The dapper Red-cockaded Woodpecker was once a common sight throughout the mighty longleaf pine forests of the southern United States. Only the male sports the small red mark, or "cockade," on its nape; this term harkens back to the early 1800s and refers to a ribbon or other ornament worn on a hat.
A specialist of open pine forests with large, old trees, Red-cockaded Woodpeckers require habitat normally maintained by periodic natural burns. Due to years of fire suppression and large-scale clearing, great swathes of southern pine forest have been lost, leaving the Red-cockaded Woodpecker dangerously close to extinction.
Keystone Species of Southern Pine Forests
This species is found only in the continental United States, with a range that originally extended as far north as New Jersey and included the entire southeast. Red-cockaded Woodpeckers are now found in a reduced area from Oklahoma east to Virginia, and south to Florida and Texas. The species is non-migratory, although individuals may wander in response to habitat loss.
Red-cockaded Woodpeckers are a “keystone” species — a species that other wildlife depends upon. The birds excavate their own nest cavities, which later provide nesting habitat for other cavity-users including Red-headed Woodpecker and Eastern Bluebird, along with mammals such as southern flying squirrel.
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Division of Diet
Red-cockaded Woodpeckers dine on the wide variety of insects, and their eggs and larvae, found in or on pine trees. They prefer larger, older pines for foraging and find their prey by flaking away and probing under pine bark.
Male and female Red-cockaded Woodpeckers exhibit different foraging behaviors, with males favoring the tree limbs and upper trunk and females foraging on the trunk below the crown. This divided foraging behavior is most noticeable in winter when insects are scarce and may help reduce competition between individual birds.
Sappy Nest Defenses
This is the only woodpecker species that excavates cavities in living pines; most excavate only in dead wood such as a snag. Red-cockaded Woodpeckers prefer older trees with red heart disease, a fungus that softens the wood and allows for easier excavation. In spite of this, the birds typically need several years to complete a nesting or roosting cavity.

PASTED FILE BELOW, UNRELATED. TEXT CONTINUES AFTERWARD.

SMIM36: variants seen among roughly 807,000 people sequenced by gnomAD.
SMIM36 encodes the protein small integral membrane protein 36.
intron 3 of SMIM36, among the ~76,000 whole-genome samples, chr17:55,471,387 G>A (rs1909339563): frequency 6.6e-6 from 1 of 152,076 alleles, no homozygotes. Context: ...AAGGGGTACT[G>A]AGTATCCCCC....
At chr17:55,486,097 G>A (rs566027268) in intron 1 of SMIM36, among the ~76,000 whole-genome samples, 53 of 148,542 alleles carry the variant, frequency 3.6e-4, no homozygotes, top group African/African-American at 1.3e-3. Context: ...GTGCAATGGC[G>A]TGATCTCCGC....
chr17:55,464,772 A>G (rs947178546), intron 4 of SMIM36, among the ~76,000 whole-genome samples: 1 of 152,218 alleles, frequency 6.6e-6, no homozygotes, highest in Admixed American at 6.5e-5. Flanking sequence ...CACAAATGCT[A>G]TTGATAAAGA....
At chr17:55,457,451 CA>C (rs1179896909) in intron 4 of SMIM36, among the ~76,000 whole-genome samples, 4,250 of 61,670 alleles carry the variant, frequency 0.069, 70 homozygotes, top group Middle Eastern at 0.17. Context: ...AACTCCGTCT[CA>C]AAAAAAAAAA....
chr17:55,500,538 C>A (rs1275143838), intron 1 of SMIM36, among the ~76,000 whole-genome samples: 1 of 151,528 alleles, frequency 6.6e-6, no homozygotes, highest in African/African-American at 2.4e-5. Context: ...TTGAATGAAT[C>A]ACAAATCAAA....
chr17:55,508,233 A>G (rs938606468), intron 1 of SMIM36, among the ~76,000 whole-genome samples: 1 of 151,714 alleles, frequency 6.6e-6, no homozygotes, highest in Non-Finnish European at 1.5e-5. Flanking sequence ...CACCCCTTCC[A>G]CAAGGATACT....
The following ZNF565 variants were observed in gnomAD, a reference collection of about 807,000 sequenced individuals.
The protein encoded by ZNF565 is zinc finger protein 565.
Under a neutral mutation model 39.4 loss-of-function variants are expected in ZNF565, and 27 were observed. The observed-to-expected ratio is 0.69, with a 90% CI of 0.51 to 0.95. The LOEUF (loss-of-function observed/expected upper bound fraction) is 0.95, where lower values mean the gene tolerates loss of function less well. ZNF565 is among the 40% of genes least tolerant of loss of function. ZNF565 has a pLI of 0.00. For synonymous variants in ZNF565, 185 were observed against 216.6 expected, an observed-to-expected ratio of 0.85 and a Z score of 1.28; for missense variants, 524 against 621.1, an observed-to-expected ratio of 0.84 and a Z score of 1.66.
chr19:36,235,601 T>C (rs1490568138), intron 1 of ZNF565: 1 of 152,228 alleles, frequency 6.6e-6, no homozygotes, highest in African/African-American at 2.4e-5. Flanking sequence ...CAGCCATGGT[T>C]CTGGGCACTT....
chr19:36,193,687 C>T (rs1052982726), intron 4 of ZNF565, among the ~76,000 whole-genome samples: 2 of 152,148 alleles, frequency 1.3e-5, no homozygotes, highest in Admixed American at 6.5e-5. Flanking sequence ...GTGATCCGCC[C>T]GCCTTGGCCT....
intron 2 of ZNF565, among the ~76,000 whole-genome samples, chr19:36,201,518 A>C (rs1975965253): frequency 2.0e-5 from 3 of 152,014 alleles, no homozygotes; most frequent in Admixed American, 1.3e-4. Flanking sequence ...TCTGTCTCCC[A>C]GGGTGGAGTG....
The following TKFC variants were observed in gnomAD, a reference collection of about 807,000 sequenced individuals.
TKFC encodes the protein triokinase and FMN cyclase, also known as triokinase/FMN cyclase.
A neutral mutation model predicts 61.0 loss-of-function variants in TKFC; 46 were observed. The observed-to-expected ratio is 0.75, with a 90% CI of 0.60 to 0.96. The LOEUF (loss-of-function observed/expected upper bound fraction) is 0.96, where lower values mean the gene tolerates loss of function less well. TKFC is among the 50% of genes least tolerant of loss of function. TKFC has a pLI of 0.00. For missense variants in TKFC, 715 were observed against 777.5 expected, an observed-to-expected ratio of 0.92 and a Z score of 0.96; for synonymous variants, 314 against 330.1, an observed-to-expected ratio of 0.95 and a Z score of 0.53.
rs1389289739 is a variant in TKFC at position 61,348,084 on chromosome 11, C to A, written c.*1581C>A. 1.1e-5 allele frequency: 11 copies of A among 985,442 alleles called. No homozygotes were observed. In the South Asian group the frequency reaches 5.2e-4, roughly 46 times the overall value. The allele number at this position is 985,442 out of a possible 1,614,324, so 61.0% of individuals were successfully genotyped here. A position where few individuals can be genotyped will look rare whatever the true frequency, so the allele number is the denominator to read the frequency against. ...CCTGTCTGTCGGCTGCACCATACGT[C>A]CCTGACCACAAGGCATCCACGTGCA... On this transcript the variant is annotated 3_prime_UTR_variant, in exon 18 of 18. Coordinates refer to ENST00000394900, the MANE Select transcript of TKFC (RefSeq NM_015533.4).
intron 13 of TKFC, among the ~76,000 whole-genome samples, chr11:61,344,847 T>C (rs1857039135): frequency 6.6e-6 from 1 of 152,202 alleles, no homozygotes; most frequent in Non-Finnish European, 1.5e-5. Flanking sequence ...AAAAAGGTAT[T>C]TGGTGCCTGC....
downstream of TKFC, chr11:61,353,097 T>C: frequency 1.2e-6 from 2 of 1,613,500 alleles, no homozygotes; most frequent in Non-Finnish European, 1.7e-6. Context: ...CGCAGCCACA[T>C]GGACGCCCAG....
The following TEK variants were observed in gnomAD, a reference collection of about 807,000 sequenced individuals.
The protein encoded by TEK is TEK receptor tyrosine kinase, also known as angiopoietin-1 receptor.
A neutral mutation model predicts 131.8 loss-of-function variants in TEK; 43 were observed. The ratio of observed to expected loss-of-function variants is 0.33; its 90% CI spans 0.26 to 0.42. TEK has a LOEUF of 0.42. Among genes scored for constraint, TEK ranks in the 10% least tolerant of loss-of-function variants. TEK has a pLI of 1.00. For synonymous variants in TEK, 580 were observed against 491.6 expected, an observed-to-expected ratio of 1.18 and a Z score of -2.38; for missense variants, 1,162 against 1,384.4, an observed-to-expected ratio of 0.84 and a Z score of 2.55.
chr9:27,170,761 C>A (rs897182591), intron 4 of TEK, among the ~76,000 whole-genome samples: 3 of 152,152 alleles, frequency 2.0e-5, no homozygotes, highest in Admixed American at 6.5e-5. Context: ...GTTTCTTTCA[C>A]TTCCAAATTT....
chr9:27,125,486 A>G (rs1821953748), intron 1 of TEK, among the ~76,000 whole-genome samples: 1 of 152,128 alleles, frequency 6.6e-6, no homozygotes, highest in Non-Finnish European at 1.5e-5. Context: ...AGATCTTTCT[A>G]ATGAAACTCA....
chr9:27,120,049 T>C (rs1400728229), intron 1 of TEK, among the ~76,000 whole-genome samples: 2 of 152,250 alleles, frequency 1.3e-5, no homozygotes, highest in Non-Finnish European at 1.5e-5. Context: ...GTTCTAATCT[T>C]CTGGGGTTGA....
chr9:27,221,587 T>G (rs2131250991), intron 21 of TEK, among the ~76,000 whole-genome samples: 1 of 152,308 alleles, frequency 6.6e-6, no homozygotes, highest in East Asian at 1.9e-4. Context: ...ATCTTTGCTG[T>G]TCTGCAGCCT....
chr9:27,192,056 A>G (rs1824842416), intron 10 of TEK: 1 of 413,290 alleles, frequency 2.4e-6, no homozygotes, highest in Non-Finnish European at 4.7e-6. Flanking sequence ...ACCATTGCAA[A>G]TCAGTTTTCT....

As the birds excavate, the live pine tree "bleeds" sticky sap around the hole opening, discouraging tree-climbing snakes that could take eggs and young birds. Apparently well aware of the sap's benefits, the woodpeckers actively unclog the sap wells to maintain their nest defenses.
Red-cockaded Woodpeckers are cooperative breeders, living in small family groups composed of a breeding pair and several helpers (usually male offspring from previous years). These helpers assist in raising young by incubating eggs and brooding and feeding nestlings. The entire family often forages as a group over a territory from about 125 to 200 acres.
The Red-cockaded Woodpecker was listed as Endangered when the Endangered Species Act was enacted in 1973. Since that time, the U.S. Fish and Wildlife Service has worked with a wide variety of partners on federal and private lands to stabilize and increase populations of the species.
On public lands, managers now set controlled fires to mimic the natural burns that historically maintained suitable Red-cockaded Woodpecker habitat. By maintaining older trees in the landscape, along with building artificial nest cavities and undertaking translocation programs, conservationists have also helped to boost some populations and establish new colonies.
ABC's work with the Sustainable Forestry Initiative is helping to inform forest management practices that benefit both birds and landowners. These efforts maintain habitat for birds such as Prairie Warbler, Wood Thrush, and Swallow-tailed Kite while keeping forests on the landscape to support Red-cockaded Woodpecker and other birds. Learn more about ABC's work with SFI.
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